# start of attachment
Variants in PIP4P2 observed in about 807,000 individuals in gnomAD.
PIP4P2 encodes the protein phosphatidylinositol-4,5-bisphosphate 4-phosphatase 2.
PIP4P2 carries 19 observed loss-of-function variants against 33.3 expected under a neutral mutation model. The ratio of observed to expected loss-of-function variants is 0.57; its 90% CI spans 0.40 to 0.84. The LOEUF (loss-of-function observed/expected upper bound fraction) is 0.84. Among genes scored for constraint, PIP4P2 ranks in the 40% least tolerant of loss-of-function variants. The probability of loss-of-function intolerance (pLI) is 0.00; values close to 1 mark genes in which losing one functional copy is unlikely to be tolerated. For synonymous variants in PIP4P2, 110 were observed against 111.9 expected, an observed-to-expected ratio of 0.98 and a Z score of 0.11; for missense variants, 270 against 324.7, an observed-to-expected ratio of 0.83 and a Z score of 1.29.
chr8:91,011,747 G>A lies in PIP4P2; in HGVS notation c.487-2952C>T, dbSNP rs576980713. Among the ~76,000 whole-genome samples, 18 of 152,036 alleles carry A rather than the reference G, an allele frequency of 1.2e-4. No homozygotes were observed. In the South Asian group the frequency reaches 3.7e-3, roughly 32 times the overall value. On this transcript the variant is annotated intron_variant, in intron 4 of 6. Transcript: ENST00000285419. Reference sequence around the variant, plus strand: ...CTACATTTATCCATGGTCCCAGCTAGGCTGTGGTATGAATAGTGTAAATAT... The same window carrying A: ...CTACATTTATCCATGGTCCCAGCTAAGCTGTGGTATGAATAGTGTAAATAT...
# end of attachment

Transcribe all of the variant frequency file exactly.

Variants in PIP4P2 observed in about 807,000 individuals in gnomAD.
PIP4P2 encodes the protein phosphatidylinositol-4,5-bisphosphate 4-phosphatase 2.
PIP4P2 carries 19 observed loss-of-function variants against 33.3 expected under a neutral mutation model. The ratio of observed to expected loss-of-function variants is 0.57; its 90% CI spans 0.40 to 0.84. The LOEUF (loss-of-function observed/expected upper bound fraction) is 0.84. Among genes scored for constraint, PIP4P2 ranks in the 40% least tolerant of loss-of-function variants. The probability of loss-of-function intolerance (pLI) is 0.00; values close to 1 mark genes in which losing one functional copy is unlikely to be tolerated. For synonymous variants in PIP4P2, 110 were observed against 111.9 expected, an observed-to-expected ratio of 0.98 and a Z score of 0.11; for missense variants, 270 against 324.7, an observed-to-expected ratio of 0.83 and a Z score of 1.29.
chr8:91,011,747 G>A lies in PIP4P2; in HGVS notation c.487-2952C>T, dbSNP rs576980713. Among the ~76,000 whole-genome samples, 18 of 152,036 alleles carry A rather than the reference G, an allele frequency of 1.2e-4. No homozygotes were observed. In the South Asian group the frequency reaches 3.7e-3, roughly 32 times the overall value. On this transcript the variant is annotated intron_variant, in intron 4 of 6. Transcript: ENST00000285419. Reference sequence around the variant, plus strand: ...CTACATTTATCCATGGTCCCAGCTAGGCTGTGGTATGAATAGTGTAAATAT... The same window carrying A: ...CTACATTTATCCATGGTCCCAGCTAAGCTGTGGTATGAATAGTGTAAATAT...